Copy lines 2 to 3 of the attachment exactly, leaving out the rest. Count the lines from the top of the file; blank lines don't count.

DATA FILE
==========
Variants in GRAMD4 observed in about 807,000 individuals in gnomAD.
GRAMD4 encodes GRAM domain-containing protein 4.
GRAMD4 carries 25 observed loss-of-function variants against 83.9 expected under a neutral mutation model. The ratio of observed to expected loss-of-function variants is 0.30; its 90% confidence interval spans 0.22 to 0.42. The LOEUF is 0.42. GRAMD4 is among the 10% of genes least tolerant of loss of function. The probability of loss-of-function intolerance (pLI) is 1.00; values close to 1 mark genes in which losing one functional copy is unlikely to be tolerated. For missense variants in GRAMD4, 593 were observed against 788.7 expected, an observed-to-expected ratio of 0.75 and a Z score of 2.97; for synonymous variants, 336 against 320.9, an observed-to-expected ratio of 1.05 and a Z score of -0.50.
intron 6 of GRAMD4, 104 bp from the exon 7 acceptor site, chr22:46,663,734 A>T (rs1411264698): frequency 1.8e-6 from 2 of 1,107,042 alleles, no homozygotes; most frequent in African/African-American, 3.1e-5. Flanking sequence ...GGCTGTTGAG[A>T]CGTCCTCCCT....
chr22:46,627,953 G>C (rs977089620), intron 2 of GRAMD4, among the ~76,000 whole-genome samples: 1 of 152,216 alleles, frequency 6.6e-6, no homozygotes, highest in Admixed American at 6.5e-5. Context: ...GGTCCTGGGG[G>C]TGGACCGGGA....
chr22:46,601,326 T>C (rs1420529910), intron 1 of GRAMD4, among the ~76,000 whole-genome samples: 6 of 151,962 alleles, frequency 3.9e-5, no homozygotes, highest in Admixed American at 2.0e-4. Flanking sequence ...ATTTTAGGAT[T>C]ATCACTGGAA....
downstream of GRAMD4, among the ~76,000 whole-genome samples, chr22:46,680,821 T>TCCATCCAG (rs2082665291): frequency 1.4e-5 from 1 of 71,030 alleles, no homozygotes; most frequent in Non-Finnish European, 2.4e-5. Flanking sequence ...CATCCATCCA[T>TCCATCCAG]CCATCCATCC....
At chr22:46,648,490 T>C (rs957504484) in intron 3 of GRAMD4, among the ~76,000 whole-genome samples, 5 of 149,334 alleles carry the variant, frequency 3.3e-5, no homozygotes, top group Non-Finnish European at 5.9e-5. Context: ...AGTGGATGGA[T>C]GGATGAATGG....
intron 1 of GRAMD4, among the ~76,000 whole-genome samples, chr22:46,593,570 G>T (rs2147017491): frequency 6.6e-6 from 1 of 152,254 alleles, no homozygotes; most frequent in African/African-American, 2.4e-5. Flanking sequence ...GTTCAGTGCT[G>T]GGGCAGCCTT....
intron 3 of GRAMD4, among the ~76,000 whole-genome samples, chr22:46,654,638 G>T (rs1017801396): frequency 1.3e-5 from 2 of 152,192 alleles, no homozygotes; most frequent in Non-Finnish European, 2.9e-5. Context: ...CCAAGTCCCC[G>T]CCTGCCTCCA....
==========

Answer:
GRAMD4 encodes GRAM domain-containing protein 4.
GRAMD4 carries 25 observed loss-of-function variants against 83.9 expected under a neutral mutation model. The ratio of observed to expected loss-of-function variants is 0.30; its 90% confidence interval spans 0.22 to 0.42. The LOEUF is 0.42. GRAMD4 is among the 10% of genes least tolerant of loss of function. The probability of loss-of-function intolerance (pLI) is 1.00; values close to 1 mark genes in which losing one functional copy is unlikely to be tolerated. For missense variants in GRAMD4, 593 were observed against 788.7 expected, an observed-to-expected ratio of 0.75 and a Z score of 2.97; for synonymous variants, 336 against 320.9, an observed-to-expected ratio of 1.05 and a Z score of -0.50.